Oakland pays their bills when Boston and New York show up.

    More bad guys equal more big games. More big games equal more people showing up and more eye balls on the TV.

    That equals more money and teams increasing their chances of keeping their players.

    As for Pittsburgh and Kansas City… they were very badly run for a long time. Hopefully things will turn around for them with new management. (The Pirates especially have always been one of my favorite teams)

    The cycle of small revenue teams, even durng the days of the Reserve Clause, was they would be good for a few years, then retreat to rebuild… back and forth.

    For those years in the cycle where they would be good, having the big bully on the block to gun for would increase interest and build up the “It’s our turn to get them.”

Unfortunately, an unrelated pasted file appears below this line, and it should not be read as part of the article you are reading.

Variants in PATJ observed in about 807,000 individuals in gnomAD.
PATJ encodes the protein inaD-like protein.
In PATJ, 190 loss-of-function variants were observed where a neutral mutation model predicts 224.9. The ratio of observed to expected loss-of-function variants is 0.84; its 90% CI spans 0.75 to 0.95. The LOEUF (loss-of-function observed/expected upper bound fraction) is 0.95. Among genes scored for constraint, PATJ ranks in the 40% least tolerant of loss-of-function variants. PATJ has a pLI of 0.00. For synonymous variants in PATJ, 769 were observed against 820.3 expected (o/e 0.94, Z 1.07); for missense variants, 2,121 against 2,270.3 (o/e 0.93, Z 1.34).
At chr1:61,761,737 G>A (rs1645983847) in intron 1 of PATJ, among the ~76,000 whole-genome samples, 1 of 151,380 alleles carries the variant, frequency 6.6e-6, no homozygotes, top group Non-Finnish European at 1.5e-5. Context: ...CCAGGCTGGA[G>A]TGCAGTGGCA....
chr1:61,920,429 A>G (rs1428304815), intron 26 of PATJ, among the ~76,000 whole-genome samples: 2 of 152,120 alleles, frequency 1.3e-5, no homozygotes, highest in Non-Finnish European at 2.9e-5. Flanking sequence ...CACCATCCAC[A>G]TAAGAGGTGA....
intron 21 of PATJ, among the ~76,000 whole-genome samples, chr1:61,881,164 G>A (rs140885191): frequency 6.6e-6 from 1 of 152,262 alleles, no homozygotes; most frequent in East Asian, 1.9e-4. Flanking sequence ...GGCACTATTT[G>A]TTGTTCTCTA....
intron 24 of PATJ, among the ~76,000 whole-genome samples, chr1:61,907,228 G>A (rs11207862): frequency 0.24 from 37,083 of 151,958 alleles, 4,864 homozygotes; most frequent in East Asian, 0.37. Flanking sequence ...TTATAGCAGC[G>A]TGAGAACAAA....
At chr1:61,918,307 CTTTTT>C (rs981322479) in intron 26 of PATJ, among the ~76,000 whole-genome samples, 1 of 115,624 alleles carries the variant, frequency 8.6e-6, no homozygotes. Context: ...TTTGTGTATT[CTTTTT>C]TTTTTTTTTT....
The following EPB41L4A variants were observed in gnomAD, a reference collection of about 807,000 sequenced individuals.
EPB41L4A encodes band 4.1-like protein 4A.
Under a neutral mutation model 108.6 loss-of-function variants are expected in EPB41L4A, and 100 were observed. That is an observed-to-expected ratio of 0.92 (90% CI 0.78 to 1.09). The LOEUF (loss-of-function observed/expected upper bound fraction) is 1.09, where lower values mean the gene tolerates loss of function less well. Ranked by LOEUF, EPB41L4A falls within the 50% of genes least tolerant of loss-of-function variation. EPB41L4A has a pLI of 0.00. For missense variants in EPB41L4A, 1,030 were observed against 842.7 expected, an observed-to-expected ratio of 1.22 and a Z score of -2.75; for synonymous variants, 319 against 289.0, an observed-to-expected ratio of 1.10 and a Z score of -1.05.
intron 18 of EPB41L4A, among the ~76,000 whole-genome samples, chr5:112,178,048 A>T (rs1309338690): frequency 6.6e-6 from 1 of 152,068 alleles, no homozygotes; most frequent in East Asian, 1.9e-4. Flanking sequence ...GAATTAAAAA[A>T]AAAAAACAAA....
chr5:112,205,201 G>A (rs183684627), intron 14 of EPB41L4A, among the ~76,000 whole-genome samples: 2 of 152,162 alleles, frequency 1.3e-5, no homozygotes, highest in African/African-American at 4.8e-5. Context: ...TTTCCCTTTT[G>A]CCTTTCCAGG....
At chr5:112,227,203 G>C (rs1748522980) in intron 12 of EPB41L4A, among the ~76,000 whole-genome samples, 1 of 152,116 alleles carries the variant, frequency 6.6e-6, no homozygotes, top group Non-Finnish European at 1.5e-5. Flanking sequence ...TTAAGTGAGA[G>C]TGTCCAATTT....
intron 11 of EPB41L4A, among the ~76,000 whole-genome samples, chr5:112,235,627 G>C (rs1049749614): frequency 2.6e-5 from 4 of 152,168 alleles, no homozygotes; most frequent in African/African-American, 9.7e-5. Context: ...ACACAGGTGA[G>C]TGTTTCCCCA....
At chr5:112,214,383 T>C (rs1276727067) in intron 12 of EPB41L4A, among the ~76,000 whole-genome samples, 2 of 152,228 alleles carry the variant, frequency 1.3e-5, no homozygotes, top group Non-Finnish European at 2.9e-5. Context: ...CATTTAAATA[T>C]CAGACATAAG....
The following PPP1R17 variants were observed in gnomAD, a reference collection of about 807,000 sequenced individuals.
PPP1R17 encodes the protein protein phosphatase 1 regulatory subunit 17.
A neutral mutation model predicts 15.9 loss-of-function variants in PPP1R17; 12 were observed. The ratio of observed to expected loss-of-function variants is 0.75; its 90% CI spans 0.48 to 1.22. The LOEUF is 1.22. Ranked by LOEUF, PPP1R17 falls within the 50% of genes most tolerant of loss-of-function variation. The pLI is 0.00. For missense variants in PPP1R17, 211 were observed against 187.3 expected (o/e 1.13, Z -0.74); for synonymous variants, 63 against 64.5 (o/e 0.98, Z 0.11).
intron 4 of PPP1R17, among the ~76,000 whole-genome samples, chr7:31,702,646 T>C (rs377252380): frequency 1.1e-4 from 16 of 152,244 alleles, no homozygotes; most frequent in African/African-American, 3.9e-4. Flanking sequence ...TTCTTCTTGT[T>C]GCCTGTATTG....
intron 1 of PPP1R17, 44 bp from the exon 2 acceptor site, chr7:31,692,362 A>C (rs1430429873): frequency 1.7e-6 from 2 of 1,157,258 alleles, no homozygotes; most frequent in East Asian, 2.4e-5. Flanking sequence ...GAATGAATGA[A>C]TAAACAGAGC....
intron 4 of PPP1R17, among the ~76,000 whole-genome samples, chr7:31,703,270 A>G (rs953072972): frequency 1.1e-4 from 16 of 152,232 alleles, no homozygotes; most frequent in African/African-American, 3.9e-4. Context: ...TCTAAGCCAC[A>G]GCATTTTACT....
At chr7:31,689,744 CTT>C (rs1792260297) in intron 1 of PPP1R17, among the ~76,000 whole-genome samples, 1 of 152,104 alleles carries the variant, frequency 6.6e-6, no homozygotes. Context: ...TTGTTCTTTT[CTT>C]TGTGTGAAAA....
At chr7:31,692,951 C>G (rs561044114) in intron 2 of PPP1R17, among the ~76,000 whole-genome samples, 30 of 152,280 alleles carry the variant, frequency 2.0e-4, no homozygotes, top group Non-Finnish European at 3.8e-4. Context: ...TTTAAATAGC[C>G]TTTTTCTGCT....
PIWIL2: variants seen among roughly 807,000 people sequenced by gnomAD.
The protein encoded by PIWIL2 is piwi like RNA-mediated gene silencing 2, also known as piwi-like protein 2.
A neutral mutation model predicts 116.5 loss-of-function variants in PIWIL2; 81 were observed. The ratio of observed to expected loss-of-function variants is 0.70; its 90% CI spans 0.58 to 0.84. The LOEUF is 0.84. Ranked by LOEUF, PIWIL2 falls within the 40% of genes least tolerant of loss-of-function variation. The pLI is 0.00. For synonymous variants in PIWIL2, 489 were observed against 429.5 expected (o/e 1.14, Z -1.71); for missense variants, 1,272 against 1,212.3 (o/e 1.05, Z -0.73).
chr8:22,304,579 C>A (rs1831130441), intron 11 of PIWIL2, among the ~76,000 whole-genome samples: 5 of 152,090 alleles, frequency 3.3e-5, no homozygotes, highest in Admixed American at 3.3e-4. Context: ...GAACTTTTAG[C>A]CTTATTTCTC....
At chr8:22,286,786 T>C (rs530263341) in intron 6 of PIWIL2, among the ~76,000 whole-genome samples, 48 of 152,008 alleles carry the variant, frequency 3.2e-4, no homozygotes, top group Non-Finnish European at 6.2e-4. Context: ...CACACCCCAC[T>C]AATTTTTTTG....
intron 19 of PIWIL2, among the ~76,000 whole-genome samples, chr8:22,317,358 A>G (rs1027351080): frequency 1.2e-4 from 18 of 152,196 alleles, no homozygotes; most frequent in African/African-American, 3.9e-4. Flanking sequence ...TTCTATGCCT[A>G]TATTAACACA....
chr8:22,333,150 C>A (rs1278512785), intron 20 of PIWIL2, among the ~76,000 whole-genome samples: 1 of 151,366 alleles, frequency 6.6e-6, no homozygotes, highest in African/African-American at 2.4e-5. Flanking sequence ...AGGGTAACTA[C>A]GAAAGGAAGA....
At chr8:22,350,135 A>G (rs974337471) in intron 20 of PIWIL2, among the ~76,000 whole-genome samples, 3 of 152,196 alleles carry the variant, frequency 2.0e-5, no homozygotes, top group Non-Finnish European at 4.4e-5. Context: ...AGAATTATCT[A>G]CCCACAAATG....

And in the down years, the fans would say “As long as it isn’t the Cubs/Dodgers/Mets” like they already do with the Red Sox & Yankees.

    And hey! Maybe a small market club could pick up a few bandwagon fans along the way.

  10. MikeS said...

    I saw the video. I loved it and agreed with it. This piece, obviously not so much.

    Baseball needs to market baseball. Not just Yankees-Red Sox. They haven’t figured out how to do that. Most casual fans don’t know who Joey Votto or Zach Grienke are but they know the Yankees middle relievers.

    It’s not because they are the Yankees, it’s because they are good. But they are good (in large part) because they can outspend their mistakes like no other team in sports.

    Why does attendance go up in small markets when the Yankees come to town? Same reason. When the Royals or Blue Jays were good they were a road draw. In 1990 the Red Sox and Yankees were not. At least nothing like they are now.